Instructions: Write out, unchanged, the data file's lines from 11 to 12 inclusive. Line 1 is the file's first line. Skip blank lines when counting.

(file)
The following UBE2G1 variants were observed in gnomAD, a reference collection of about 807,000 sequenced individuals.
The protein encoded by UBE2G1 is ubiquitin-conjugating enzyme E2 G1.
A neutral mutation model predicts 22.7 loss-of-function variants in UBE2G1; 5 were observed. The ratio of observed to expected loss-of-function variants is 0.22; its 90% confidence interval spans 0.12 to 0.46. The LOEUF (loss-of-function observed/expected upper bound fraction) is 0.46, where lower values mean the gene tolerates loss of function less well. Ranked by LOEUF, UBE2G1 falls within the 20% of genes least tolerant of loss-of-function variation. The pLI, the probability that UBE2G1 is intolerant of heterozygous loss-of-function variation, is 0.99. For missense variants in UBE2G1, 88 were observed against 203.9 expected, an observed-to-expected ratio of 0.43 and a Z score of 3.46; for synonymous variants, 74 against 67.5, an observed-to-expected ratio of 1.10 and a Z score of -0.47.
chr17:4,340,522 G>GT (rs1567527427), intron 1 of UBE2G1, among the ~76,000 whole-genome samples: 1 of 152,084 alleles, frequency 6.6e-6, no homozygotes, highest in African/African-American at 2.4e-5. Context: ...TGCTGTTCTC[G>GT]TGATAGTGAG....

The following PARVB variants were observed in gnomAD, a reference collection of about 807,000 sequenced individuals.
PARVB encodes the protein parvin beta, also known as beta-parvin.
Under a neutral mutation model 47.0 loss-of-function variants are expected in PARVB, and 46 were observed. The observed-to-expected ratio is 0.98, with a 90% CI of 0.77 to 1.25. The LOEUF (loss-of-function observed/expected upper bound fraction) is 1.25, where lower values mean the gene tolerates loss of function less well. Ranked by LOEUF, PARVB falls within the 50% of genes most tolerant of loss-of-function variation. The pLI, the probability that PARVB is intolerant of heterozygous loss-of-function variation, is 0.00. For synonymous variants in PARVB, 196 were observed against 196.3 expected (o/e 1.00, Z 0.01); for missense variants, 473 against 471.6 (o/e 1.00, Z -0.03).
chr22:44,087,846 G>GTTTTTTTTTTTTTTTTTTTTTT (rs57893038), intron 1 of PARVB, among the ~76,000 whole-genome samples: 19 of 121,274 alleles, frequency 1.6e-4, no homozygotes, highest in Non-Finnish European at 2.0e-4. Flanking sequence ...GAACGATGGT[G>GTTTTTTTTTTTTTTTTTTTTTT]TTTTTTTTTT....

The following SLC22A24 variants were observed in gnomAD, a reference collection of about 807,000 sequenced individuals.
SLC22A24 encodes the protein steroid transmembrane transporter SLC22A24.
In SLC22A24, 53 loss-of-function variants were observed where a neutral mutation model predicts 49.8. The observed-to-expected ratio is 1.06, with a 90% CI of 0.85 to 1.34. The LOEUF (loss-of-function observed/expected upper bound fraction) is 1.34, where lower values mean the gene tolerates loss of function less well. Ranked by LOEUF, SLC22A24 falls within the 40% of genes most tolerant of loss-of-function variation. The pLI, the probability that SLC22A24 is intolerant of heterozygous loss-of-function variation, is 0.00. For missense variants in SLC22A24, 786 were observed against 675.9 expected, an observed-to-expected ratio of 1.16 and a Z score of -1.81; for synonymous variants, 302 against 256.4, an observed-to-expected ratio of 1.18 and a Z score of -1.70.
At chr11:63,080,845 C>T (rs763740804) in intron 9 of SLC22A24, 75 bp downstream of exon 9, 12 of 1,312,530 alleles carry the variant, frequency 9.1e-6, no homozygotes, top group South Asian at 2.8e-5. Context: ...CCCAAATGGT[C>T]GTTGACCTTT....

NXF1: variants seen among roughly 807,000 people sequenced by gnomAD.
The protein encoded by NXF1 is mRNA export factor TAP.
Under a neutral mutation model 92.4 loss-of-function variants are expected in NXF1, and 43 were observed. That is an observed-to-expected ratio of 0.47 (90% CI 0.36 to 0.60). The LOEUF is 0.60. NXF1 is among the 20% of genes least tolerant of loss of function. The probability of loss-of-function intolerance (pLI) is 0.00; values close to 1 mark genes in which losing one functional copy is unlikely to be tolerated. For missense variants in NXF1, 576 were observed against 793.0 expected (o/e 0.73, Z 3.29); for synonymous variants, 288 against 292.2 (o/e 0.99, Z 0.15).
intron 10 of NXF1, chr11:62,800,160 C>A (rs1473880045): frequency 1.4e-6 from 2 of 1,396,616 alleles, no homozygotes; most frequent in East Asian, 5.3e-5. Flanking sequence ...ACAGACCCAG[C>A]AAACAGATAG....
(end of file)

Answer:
In SLC22A24, 53 loss-of-function variants were observed where a neutral mutation model predicts 49.8. The observed-to-expected ratio is 1.06, with a 90% CI of 0.85 to 1.34. The LOEUF (loss-of-function observed/expected upper bound fraction) is 1.34, where lower values mean the gene tolerates loss of function less well. Ranked by LOEUF, SLC22A24 falls within the 40% of genes most tolerant of loss-of-function variation. The pLI, the probability that SLC22A24 is intolerant of heterozygous loss-of-function variation, is 0.00. For missense variants in SLC22A24, 786 were observed against 675.9 expected, an observed-to-expected ratio of 1.16 and a Z score of -1.81; for synonymous variants, 302 against 256.4, an observed-to-expected ratio of 1.18 and a Z score of -1.70.
At chr11:63,080,845 C>T (rs763740804) in intron 9 of SLC22A24, 75 bp downstream of exon 9, 12 of 1,312,530 alleles carry the variant, frequency 9.1e-6, no homozygotes, top group South Asian at 2.8e-5. Context: ...CCCAAATGGT[C>T]GTTGACCTTT....